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after this problem Bluetooth connection in Android > 4.1.2 that I fixed by forcing connection by repeatedly try to connect with a while iteration, now I'm having an other issue with Android/Arduino communication. My HW is Nexus 7 MY2012 with Android 4.3, Arduino UNO R3 and a BT module RN42.

From Android I'm sending an array of bytes to Arduino got from a string. At the beginning, with Baudrate 115200 and no parity, only the first byte arrives correct and the rest was apparently mismatched (mostly in a repetitive manner). After setting parity EVEN in the RN42 module, I see that at least first 3 bytes arrive correctly, and the rest is messed up. Here below the core part of comunication from Android (initialization of BT basically follows the SDK example). It is located inside a class estended from AsyncTask used to manage connection work:

        public void write(String message) {
        Log.d(TAG, "...Data to send: " + message + "...");
        byte[] msgBuffer = message.getBytes();

        try {
            mmOutStream.write(msgBuffer);
        } catch (IOException e) {
        mHardwareToServiceHdlr.obtainMessage(MSG_ERR_BT_WRITE).sendToTarget();
            Log.d(TAG, "...Error data send: " + e.getMessage() + "...");
        }

        }

and Arduino sketch

#include <SoftwareSerial.h>
#include <Streaming.h>

const int bluetoothTx = 2;
const int bluetoothRx = 3;
byte incomingByte;
String incomingString;

SoftwareSerial bluetooth(bluetoothTx,bluetoothRx);

void setup() {
  Serial.begin(115200);
  bluetooth.begin(115200); 
  bluetooth.print("$$$");
  delay(100);
  bluetooth.println("U,115K,E");
  bluetooth.begin(115200);
  delay(100); 
}

void loop(){

  if (bluetooth.available() > 0) {  // if the data came

    incomingByte = bluetooth.read(); // read byte
    Serial.println((char)incomingByte);
  }
}

If I send to Arduino a string such as "hello horld" this is what I get in serial monitor in a serie of transmissions:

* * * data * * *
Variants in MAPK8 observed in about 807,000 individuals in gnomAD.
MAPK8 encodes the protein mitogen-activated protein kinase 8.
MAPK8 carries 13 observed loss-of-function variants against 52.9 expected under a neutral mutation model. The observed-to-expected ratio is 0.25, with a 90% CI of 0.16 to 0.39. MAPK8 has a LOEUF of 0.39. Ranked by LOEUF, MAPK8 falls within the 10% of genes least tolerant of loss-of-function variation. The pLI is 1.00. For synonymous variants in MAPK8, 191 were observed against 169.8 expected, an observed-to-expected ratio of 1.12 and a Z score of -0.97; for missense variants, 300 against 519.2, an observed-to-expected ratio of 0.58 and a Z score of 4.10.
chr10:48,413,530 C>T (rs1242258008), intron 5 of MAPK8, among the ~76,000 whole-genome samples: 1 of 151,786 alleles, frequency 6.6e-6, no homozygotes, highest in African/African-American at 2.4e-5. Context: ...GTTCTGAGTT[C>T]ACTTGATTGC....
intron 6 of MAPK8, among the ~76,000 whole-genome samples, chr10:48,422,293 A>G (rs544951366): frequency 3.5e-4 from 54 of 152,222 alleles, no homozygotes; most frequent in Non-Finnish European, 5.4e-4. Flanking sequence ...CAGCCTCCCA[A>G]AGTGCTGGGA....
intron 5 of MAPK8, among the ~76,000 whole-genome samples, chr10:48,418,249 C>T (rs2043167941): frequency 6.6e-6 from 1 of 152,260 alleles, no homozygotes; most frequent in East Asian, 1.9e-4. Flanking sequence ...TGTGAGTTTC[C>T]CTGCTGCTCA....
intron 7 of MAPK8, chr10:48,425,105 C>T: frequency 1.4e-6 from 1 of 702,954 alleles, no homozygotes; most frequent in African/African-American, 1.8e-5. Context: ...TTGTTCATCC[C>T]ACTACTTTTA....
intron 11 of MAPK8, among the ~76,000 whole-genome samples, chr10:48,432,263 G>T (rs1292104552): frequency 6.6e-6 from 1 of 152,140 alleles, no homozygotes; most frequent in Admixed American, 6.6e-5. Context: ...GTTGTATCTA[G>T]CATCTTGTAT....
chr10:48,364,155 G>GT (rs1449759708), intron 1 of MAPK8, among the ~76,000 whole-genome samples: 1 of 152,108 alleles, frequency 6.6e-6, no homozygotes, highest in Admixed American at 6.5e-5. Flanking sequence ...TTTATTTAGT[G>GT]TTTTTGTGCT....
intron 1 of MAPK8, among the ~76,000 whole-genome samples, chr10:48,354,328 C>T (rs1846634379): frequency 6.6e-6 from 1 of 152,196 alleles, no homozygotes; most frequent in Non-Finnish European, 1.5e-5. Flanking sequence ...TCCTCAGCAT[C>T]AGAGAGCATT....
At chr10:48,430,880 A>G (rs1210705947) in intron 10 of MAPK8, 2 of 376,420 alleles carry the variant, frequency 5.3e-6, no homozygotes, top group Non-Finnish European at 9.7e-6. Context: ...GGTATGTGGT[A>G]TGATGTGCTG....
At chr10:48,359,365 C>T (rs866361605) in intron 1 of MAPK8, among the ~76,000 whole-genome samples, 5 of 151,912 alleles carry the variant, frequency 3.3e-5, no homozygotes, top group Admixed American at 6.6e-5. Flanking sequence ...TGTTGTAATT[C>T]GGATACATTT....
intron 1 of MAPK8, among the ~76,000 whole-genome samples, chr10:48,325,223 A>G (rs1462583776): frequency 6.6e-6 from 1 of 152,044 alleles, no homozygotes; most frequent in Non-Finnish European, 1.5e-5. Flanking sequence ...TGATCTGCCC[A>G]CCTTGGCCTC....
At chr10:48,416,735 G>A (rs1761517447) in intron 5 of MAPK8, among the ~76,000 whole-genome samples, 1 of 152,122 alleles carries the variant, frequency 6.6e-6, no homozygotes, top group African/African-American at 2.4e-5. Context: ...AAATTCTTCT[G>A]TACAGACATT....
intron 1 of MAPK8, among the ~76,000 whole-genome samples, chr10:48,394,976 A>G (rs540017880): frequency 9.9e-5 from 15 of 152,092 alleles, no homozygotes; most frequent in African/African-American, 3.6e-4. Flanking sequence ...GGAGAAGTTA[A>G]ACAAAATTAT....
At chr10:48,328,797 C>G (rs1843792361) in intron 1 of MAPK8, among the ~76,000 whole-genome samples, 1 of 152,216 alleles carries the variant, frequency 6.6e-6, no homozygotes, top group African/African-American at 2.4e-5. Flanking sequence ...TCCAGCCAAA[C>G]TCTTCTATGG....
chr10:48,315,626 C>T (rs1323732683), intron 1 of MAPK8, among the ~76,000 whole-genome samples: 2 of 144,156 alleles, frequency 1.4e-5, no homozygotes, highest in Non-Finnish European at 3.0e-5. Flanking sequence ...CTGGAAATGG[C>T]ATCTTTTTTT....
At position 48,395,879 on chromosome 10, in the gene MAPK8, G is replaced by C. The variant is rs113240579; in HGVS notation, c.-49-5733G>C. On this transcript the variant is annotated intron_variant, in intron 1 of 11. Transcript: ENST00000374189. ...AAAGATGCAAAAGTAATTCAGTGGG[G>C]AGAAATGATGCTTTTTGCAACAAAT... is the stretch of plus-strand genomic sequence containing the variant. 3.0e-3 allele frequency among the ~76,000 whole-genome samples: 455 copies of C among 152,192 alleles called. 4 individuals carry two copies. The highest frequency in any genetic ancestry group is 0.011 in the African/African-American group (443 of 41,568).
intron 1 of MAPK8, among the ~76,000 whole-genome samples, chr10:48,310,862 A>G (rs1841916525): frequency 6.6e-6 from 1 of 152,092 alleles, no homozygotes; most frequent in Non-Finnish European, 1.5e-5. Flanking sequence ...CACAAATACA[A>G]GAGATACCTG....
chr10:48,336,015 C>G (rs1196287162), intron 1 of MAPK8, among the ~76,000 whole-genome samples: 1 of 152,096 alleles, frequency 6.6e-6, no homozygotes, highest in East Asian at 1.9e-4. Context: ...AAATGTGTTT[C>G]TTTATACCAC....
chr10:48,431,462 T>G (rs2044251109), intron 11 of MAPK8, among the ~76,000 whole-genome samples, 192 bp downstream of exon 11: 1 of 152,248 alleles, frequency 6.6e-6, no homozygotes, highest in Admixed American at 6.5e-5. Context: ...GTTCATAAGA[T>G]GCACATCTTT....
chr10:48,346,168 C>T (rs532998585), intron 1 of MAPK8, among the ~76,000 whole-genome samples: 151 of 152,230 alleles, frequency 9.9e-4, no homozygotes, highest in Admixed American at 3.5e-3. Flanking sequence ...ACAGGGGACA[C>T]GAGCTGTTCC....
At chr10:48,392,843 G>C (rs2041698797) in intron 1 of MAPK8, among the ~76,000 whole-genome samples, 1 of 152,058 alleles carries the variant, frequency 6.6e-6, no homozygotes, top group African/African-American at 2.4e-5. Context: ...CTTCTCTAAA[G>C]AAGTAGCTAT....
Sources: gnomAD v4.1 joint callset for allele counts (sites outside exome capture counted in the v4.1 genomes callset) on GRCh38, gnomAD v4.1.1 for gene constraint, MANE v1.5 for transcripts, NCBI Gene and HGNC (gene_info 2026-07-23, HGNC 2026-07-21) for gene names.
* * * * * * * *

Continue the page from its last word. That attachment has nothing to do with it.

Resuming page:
hel,o wo2ld
 hel<o wo2ld
 hel,o7orld
 hel,o wo2ld
 hel,o wo2ld
 hel<o7or6d
 hel,o wo2ld
 hel,o wo2ld
 hel,o wo2ld
 hel<o wo2ld
 hel,o7orld
 hel<o wo2ld

This is just example, result depends also on how much often I send the string to Arduino. The most of the times, the fourth and the nineth byte (but not always in the same manner and not always only them) are mismatched.

Transmitting data from Arduino to Android seems to work fine with any particular trouble.

Any help would be greatly apreciated, this thing is making me crazy as far as I need to transmit data longer than 3 bytes. Thanks

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2 Answers 2

There could be multiple issues with your setup:

  1. Don't use SoftwareSerial's begin() multiple times. If you need to empty the buffer then use bluetooth.flush() after the println() and before the delays.
  2. Taken from the SoftwareSerial docs:

    If using multiple software serial ports, only one can receive data at a time.

    Try using UART as the serial port instead of a bit-banged serial port.

  3. The Arduino UNO supports interrupts only for pins 2 and 3, and they are frequently used for something else, check that they are really free in your design.

  4. Try using a slower baud rate, there could even be RF issues with your layout at 115200 bps.

  5. If the previous approaches don't work, try storing the characters in a buffer before doing the Serial.print in the main loop. After you are done, finally print it, like this (mind the boundary checks):

    char buffer[MAX_LEN];
    unsigned int count = 0;
    
    void loop(){
    
      if (bluetooth.available() > 0) {  // if the data came
        buffer[count++] = bluetooth.read(); // read byte
      }
      buffer[count] = '\0'; 
      Serial.print(buffer);
      count = 0;
    }
    
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There's something I don't understand in this code. Theren't should be a iteration around bluetooth.read()? When there are no bytes to read then --> Serial.print(buffer). What I'm missing? –  martin.p Nov 9 '13 at 18:42
    
Fixed by reducing speed to 9600 baud and by adding a "\n" at the end of the string sent to arduino. –  martin.p Nov 10 '13 at 19:08

Kindly ensure pairing the device explicitly from your Android phone’s settings. Usually the pair code is 1234. The Hardware Tx,Rx pin are preferred if free on the Arduino. 96200 baud rate is generally better

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